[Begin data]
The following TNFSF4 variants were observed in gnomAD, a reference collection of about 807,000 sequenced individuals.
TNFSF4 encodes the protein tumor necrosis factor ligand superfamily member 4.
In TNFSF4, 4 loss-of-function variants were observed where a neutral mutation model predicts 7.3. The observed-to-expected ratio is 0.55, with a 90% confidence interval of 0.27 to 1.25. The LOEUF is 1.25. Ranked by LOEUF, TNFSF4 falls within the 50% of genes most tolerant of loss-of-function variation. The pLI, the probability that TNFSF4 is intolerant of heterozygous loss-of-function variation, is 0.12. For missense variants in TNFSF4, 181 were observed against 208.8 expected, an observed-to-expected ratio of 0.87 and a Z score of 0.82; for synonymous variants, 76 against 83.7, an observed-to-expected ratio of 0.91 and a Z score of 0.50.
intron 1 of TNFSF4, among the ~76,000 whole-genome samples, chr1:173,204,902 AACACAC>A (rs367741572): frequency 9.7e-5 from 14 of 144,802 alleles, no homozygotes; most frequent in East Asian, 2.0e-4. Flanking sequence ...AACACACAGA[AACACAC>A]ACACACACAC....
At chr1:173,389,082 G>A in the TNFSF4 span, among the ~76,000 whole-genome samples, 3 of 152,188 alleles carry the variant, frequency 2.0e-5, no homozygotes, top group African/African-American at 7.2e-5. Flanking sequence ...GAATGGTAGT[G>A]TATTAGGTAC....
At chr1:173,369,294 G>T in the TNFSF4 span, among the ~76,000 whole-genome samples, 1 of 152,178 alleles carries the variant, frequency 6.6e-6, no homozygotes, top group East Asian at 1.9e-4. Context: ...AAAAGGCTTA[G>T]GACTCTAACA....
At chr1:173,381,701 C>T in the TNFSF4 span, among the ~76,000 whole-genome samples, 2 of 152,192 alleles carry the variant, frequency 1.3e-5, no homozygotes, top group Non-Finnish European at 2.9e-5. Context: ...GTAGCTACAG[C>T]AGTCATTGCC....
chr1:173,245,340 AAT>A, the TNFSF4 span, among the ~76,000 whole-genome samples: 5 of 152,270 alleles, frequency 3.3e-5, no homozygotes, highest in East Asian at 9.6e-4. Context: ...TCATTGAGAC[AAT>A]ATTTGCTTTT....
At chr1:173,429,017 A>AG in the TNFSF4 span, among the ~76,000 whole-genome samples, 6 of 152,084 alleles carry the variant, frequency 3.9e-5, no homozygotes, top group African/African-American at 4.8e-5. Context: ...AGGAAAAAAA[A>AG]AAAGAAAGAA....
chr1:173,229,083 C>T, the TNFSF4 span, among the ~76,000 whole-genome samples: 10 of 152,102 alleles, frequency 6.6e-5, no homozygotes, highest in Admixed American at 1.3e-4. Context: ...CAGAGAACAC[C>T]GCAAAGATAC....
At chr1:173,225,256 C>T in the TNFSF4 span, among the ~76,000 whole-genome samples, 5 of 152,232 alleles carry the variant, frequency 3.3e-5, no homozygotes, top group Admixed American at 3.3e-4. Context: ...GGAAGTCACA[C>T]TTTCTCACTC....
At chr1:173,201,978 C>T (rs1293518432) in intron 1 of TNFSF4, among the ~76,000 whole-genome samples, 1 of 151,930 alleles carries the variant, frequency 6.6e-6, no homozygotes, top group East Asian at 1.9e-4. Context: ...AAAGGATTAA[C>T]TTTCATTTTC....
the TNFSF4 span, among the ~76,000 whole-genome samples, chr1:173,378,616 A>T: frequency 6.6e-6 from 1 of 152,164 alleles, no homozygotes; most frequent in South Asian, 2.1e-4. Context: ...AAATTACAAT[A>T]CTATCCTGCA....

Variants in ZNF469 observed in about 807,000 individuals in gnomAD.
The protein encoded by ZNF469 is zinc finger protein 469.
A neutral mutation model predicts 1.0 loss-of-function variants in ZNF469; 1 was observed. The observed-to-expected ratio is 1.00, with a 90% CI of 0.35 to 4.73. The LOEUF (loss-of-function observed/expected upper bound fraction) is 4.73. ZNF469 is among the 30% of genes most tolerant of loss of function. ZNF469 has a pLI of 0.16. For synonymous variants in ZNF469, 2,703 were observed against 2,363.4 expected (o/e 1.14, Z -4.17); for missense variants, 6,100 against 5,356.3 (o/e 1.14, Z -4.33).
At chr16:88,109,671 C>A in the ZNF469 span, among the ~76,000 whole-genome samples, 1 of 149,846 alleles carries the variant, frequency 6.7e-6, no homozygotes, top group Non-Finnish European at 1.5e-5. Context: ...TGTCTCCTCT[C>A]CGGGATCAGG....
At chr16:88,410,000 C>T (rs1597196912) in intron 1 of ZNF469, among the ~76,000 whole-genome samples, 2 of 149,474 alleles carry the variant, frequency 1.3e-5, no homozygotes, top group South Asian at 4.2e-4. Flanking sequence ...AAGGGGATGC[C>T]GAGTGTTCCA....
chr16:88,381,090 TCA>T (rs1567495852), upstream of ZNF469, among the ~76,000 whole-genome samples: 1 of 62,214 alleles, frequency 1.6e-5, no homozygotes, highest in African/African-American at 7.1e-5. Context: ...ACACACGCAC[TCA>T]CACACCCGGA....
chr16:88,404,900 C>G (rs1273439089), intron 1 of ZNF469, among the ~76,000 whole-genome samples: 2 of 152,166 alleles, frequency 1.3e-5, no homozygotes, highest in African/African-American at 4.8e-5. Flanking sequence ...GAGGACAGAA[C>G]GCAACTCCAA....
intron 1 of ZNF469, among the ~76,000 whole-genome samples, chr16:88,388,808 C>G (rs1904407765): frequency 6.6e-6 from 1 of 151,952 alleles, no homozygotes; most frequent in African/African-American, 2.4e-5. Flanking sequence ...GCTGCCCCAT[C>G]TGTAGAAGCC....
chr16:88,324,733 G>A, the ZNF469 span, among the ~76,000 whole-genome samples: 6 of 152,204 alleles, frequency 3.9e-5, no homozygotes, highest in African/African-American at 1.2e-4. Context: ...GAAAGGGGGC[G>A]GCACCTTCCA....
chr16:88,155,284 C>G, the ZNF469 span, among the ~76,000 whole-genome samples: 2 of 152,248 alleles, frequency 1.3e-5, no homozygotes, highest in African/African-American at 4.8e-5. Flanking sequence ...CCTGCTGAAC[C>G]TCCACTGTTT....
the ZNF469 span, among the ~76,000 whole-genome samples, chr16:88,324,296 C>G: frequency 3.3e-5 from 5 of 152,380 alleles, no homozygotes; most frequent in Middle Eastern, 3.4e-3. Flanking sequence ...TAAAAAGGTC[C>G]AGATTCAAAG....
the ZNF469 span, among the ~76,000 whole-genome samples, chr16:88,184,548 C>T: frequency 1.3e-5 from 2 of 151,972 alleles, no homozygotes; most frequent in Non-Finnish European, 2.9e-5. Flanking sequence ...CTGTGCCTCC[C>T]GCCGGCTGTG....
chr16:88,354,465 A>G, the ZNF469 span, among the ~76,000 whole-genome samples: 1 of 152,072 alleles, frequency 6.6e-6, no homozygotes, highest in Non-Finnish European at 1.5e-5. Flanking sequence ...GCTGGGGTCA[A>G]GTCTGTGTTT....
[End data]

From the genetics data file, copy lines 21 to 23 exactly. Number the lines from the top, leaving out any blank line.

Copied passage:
intron 1 of ZNF469, among the ~76,000 whole-genome samples, chr16:88,388,808 C>G (rs1904407765): frequency 6.6e-6 from 1 of 151,952 alleles, no homozygotes; most frequent in African/African-American, 2.4e-5. Flanking sequence ...GCTGCCCCAT[C>G]TGTAGAAGCC....
chr16:88,324,733 G>A, the ZNF469 span, among the ~76,000 whole-genome samples: 6 of 152,204 alleles, frequency 3.9e-5, no homozygotes, highest in African/African-American at 1.2e-4. Context: ...GAAAGGGGGC[G>A]GCACCTTCCA....
chr16:88,155,284 C>G, the ZNF469 span, among the ~76,000 whole-genome samples: 2 of 152,248 alleles, frequency 1.3e-5, no homozygotes, highest in African/African-American at 4.8e-5. Flanking sequence ...CCTGCTGAAC[C>G]TCCACTGTTT....